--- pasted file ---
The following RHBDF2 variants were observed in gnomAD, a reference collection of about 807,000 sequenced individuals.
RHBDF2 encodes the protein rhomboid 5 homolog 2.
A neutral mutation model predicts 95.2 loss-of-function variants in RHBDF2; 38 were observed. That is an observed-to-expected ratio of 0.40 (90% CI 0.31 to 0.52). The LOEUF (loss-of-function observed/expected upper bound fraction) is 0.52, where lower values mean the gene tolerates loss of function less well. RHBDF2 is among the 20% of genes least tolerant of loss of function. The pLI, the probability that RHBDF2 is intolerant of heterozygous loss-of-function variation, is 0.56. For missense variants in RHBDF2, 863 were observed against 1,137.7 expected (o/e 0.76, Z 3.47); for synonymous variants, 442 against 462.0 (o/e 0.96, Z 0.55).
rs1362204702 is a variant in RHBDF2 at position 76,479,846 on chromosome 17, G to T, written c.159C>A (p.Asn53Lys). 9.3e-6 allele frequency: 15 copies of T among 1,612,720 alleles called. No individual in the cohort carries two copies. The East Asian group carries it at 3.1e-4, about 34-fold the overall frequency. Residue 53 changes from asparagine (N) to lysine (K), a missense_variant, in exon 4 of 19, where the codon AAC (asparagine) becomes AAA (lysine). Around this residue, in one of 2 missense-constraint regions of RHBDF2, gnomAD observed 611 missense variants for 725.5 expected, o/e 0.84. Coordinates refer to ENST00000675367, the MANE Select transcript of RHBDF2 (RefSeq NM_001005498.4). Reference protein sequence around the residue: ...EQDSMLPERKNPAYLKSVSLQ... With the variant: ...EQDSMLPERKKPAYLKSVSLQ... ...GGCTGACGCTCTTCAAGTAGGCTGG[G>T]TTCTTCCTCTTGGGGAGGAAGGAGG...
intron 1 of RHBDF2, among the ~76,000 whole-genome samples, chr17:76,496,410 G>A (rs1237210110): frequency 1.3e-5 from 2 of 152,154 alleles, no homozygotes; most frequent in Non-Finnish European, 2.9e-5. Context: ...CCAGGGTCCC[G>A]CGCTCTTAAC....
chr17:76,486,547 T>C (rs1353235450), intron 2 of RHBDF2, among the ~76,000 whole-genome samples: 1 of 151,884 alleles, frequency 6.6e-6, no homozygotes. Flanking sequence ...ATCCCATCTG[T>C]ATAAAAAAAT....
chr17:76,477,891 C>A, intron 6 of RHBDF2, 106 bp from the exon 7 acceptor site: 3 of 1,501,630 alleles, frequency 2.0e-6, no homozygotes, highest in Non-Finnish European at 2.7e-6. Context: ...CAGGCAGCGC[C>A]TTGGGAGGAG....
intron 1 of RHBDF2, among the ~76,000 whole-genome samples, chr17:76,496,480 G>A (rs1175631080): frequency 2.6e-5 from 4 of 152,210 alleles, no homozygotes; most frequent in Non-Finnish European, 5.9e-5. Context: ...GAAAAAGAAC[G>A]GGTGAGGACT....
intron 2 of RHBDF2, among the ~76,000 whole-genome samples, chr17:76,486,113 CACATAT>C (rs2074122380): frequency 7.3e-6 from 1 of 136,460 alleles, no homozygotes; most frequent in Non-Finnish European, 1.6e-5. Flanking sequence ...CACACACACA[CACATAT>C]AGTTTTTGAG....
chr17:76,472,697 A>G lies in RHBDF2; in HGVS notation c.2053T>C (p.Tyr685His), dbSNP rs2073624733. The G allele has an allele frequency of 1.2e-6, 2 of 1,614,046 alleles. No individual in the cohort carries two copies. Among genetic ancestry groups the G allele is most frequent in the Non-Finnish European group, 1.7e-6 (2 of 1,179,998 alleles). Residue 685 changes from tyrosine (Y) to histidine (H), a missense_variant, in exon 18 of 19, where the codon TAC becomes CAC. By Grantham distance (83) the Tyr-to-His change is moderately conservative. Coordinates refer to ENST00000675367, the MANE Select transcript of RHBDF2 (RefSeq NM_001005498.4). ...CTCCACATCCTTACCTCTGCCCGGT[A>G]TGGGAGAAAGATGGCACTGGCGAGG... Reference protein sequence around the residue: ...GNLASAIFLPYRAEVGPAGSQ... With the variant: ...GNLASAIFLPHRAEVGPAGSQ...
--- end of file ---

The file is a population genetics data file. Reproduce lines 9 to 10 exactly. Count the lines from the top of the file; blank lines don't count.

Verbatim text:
intron 2 of RHBDF2, among the ~76,000 whole-genome samples, chr17:76,486,113 CACATAT>C (rs2074122380): frequency 7.3e-6 from 1 of 136,460 alleles, no homozygotes; most frequent in Non-Finnish European, 1.6e-5. Flanking sequence ...CACACACACA[CACATAT>C]AGTTTTTGAG....
chr17:76,472,697 A>G lies in RHBDF2; in HGVS notation c.2053T>C (p.Tyr685His), dbSNP rs2073624733. The G allele has an allele frequency of 1.2e-6, 2 of 1,614,046 alleles. No individual in the cohort carries two copies. Among genetic ancestry groups the G allele is most frequent in the Non-Finnish European group, 1.7e-6 (2 of 1,179,998 alleles). Residue 685 changes from tyrosine (Y) to histidine (H), a missense_variant, in exon 18 of 19, where the codon TAC becomes CAC. By Grantham distance (83) the Tyr-to-His change is moderately conservative. Coordinates refer to ENST00000675367, the MANE Select transcript of RHBDF2 (RefSeq NM_001005498.4). ...CTCCACATCCTTACCTCTGCCCGGT[A>G]TGGGAGAAAGATGGCACTGGCGAGG... Reference protein sequence around the residue: ...GNLASAIFLPYRAEVGPAGSQ... With the variant: ...GNLASAIFLPHRAEVGPAGSQ...